This PDF is the current document as it appeared on Public Inspection on 05/01/2012 at 08:45 am.
Notice of availability; request for comments.
We, the Fish and Wildlife Service (Service), announce the availability of a draft comprehensive conservation plan and environmental assessment (Draft CCP/EA) for St. Vincent National Wildlife Refuge (NWR) in Franklin and Gulf Counties, Florida, for public review and comment. In this Draft CCP/EA, we describe the alternative we propose to use to manage this refuge for the 15 years following approval of the final CCP.
To ensure consideration, we must receive your written comments by June 1, 2012.
You may obtain a copy of the Draft CCP/EA by contacting Ms. Laura Housh, via U.S. mail at Okefenokee National Wildlife Refuge, 2700 Suwannee Canal Road, Folkston, GA 31537. Alternatively, you may download the document from our Internet Site at http://southeast.fws.gov/planning under “Draft Documents.” Comments on the Draft CCP/EA may be submitted to the above postal address or by email to email@example.com.
FOR FURTHER INFORMATION CONTACT:
Ms. Laura Housh at 912/496-7366, extension 244 (telephone); 912/496-3322 (fax); or via email at firstname.lastname@example.org.
With this notice, we continue the CCP process for St. Vincent NWR. We started the process through a notice in the Federal Register on April 8, 2009 (74 FR 16002). For more about the refuge and our CCP process, please see that notice. St. Vincent NWR was established in 1968, to protect and conserve migratory birds in accordance with the Migratory Bird Conservation Act of 1929 (16 U.S.C. 715D).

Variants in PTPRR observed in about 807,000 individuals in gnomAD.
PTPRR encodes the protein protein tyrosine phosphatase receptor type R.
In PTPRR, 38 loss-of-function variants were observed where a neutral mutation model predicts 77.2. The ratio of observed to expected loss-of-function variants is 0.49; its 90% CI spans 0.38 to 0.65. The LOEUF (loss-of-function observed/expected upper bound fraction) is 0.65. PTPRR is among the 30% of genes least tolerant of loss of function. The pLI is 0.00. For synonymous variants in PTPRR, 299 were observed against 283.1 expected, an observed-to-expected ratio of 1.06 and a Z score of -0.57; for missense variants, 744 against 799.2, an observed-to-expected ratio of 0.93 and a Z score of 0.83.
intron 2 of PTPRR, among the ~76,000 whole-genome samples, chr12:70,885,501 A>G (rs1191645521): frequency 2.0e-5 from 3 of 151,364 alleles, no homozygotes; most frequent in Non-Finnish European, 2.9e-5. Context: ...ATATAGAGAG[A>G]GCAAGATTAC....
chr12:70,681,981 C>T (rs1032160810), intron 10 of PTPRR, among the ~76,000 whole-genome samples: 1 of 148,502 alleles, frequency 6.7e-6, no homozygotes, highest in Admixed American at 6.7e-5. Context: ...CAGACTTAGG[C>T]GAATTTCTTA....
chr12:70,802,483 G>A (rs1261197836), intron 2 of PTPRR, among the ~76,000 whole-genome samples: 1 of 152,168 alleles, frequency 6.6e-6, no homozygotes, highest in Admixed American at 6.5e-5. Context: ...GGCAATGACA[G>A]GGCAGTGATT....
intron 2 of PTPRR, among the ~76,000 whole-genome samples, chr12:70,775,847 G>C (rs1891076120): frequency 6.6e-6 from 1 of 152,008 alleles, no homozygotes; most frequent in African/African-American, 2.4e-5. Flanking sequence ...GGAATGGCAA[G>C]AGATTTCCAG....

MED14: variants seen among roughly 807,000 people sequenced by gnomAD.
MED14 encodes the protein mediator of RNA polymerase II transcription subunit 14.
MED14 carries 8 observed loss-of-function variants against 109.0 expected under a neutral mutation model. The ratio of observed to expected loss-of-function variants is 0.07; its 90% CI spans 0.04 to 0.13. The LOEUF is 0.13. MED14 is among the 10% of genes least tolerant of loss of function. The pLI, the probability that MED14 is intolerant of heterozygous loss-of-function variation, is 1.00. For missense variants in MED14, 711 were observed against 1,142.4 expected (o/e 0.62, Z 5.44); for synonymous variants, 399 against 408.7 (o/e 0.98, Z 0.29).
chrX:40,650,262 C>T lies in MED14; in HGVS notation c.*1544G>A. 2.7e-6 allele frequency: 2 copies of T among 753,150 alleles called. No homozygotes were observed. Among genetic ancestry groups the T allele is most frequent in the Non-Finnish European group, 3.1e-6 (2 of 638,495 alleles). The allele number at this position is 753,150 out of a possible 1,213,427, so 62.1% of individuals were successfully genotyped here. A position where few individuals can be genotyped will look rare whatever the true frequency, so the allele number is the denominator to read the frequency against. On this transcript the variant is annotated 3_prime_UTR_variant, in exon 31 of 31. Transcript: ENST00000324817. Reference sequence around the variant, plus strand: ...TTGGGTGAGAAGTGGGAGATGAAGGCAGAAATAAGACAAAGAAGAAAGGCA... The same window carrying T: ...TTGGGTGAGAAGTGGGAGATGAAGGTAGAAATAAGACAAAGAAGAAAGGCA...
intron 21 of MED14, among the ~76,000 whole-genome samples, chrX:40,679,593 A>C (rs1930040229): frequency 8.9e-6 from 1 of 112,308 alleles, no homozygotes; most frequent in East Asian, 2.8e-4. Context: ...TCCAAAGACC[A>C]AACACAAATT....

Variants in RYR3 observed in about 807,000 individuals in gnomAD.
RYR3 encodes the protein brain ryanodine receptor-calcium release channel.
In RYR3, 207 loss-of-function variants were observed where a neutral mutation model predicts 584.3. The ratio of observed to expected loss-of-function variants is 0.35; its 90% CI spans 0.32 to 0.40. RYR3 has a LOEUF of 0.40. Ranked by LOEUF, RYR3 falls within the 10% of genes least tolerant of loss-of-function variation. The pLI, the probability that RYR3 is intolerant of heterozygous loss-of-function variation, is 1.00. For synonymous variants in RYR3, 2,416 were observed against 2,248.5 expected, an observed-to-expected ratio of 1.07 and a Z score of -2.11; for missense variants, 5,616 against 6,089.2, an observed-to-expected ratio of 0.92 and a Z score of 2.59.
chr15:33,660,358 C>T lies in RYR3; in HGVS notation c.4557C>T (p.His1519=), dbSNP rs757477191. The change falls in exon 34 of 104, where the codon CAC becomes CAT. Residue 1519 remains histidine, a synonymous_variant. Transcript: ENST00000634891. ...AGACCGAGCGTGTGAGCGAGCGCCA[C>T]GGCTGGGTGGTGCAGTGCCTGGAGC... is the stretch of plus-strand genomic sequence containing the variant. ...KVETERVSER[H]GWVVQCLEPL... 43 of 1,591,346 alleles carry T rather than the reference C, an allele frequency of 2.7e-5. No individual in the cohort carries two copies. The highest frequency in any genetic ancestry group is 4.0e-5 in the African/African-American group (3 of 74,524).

St. Vincent NWR is situated along the gulf coast of northwest Florida, about 60 miles from Panama City and 80 miles from Tallahassee. The approved acquisition boundary for the refuge is approximately 13,736 acres. The current management boundary is approximately 12,490 acres. We oversee 21 Farm Service Agency easements (1,625 acres) in 6 counties. The 12,490-acre refuge boundary includes two islands—St. Vincent Island (12,358 acres) and Pig Island (46 acres). It also includes a mainland tract (86 acres).
The CCP Process
The National Wildlife Refuge System Administration Act of 1966 (16 U.S.C. 668dd-668ee) (Administration Act), as amended by the National Wildlife Refuge System Improvement Act of 1997, requires us to develop a CCP for each national wildlife refuge. The purpose for developing a CCP is to provide refuge managers with a 15-year plan for achieving refuge purposes and contributing toward the mission of the National Wildlife Refuge System, consistent with sound principles of fish and wildlife management, conservation, legal mandates, and our policies. In addition to outlining broad management direction on conserving wildlife and their habitats, CCPs identify wildlife-dependent recreational opportunities available to the public, including opportunities for hunting, fishing, wildlife observation, wildlife photography, and environmental education and interpretation. We will review and update the CCP at least every 15 years in accordance with the Administration Act.